Journal Article

Fisher's Fundamental Theorem of Natural Selection—A Philosophical Analysis

Samir Okasha

in The British Journal for the Philosophy of Science

Published on behalf of British Society for the Philosophy of Science

Volume 59, issue 3, pages 319-351
Published in print September 2008 | ISSN: 0007-0882
Published online July 2008 | e-ISSN: 1464-3537 | DOI: http://dx.doi.org/10.1093/bjps/axn010
Fisher's Fundamental Theorem of Natural Selection—A Philosophical Analysis

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This paper provides a philosophical analysis of the ongoing controversy surrounding R.A. Fisher's famous ‘fundamental theorem’ of natural selection. The difference between the ‘traditional’ and ‘modern’ interpretations of the theorem is explained. I argue that proponents of the modern interpretation have captured Fisher's intended meaning correctly and shown that the theorem is mathematically correct, pace the traditional consensus. However, whether the theorem has any real biological significance remains an unresolved issue. I argue that the answer depends on whether we accept Fisher's non-standard notion of environmental change, on which the theorem rests; arguments for and against this notion are explored. I suggest that there is a close link between Fisher's fundamental theorem and the modern ‘gene's eye’ view of evolution.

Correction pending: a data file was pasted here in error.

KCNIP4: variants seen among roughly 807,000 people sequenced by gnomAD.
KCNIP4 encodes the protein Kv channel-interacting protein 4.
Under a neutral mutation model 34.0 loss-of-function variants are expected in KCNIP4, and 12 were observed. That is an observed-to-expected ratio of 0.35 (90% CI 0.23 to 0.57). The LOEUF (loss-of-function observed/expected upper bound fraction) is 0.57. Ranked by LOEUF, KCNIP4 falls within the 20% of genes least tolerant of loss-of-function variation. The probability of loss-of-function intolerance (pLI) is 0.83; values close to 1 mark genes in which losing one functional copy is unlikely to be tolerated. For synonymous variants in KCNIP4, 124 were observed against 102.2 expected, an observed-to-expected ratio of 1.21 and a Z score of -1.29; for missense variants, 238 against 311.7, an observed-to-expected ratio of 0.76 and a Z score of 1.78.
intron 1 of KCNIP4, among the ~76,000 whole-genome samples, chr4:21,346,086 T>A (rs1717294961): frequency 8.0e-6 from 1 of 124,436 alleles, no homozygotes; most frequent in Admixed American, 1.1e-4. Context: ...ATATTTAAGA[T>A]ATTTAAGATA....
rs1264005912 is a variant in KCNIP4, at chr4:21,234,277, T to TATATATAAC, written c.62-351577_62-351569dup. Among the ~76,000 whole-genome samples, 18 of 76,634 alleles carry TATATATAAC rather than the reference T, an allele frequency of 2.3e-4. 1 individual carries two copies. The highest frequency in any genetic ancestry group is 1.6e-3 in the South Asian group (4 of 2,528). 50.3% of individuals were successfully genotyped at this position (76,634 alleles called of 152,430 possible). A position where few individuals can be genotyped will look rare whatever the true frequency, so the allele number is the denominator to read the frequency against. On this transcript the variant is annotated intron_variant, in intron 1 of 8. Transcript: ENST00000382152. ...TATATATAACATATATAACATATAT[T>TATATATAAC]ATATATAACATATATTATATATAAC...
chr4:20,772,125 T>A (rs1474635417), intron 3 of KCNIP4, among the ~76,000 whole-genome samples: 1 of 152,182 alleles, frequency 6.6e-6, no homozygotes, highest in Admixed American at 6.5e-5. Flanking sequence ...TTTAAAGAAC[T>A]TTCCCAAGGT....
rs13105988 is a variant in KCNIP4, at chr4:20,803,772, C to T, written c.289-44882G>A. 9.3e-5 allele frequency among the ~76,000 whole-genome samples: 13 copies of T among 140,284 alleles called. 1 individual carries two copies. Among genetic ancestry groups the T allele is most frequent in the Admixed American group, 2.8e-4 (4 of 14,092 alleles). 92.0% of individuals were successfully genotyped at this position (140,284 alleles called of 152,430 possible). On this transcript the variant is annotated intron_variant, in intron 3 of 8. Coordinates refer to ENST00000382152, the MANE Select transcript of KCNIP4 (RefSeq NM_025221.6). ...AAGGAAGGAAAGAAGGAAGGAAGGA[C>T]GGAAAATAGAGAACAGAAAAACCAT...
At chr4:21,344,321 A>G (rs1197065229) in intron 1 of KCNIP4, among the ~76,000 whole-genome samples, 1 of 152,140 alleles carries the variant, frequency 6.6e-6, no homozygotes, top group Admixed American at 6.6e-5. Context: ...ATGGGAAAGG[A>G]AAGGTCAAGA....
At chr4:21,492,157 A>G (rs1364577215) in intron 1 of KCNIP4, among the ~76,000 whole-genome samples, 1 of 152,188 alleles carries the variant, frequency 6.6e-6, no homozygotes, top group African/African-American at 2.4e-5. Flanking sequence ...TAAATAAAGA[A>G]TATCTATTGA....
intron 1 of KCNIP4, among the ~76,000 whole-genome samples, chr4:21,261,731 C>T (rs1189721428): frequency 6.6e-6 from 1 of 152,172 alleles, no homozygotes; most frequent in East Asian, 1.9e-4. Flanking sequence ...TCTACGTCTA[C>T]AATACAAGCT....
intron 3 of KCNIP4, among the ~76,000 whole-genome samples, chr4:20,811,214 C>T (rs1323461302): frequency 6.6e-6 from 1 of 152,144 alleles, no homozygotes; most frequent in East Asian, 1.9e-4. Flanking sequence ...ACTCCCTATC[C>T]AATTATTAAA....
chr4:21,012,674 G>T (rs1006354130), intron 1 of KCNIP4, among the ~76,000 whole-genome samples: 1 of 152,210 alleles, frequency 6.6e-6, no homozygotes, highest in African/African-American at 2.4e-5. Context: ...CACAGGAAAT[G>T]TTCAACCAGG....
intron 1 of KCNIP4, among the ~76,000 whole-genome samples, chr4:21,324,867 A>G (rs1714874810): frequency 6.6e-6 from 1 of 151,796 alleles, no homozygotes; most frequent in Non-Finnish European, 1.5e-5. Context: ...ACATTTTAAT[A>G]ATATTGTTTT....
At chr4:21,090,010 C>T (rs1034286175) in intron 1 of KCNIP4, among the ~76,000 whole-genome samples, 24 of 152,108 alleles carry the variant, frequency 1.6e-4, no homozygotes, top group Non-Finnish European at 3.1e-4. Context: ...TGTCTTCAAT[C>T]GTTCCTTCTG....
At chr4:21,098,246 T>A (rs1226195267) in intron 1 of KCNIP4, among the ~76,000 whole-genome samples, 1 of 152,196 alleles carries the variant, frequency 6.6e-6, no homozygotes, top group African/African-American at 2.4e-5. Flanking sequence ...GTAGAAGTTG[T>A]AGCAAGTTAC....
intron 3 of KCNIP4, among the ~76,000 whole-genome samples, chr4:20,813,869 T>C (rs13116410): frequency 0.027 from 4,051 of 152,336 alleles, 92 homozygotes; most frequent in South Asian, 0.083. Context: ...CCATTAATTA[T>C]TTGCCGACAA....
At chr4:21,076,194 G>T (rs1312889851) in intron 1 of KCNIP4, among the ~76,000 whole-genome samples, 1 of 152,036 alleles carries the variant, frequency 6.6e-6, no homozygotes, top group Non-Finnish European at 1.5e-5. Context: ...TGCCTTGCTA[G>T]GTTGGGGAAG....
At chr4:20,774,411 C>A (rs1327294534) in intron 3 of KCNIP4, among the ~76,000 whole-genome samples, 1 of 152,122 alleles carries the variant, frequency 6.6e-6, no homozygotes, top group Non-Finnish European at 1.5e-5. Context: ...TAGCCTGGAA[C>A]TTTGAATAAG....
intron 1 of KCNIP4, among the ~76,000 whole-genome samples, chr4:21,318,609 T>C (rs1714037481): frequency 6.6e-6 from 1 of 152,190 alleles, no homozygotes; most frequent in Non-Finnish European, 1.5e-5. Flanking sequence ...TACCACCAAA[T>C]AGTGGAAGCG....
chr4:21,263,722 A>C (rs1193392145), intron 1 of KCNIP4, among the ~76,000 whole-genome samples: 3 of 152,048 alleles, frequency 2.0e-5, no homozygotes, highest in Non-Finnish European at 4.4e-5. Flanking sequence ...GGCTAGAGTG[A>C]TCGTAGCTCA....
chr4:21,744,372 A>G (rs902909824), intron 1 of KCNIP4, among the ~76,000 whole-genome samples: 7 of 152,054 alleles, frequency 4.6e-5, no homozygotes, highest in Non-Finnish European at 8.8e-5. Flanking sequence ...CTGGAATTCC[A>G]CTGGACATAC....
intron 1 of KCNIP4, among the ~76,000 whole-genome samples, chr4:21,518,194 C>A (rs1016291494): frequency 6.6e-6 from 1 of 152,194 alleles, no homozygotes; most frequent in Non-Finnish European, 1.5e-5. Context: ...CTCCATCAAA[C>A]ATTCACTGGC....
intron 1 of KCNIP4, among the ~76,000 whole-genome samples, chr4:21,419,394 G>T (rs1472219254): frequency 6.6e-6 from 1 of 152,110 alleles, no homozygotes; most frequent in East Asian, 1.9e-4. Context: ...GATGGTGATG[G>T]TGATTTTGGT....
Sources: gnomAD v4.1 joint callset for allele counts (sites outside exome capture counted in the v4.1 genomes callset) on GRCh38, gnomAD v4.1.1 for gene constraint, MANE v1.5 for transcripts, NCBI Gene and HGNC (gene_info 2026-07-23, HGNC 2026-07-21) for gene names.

Introduction

What Does the Fundamental Theorem Say?

Key Concepts Explained

Alleged Significance of the FTNS

Traditional versus Modern Interpretations of the FTNS

The Modern Interpretation Illustrated

Fisher's Concept of ‘Environmental Change’

Causality and the Modern Interpretation

The Significance of the FTNS Re-considered

Appendix

Journal Article.  13279 words.  Illustrated.

Subjects: Philosophy of Science ; Science and Mathematics

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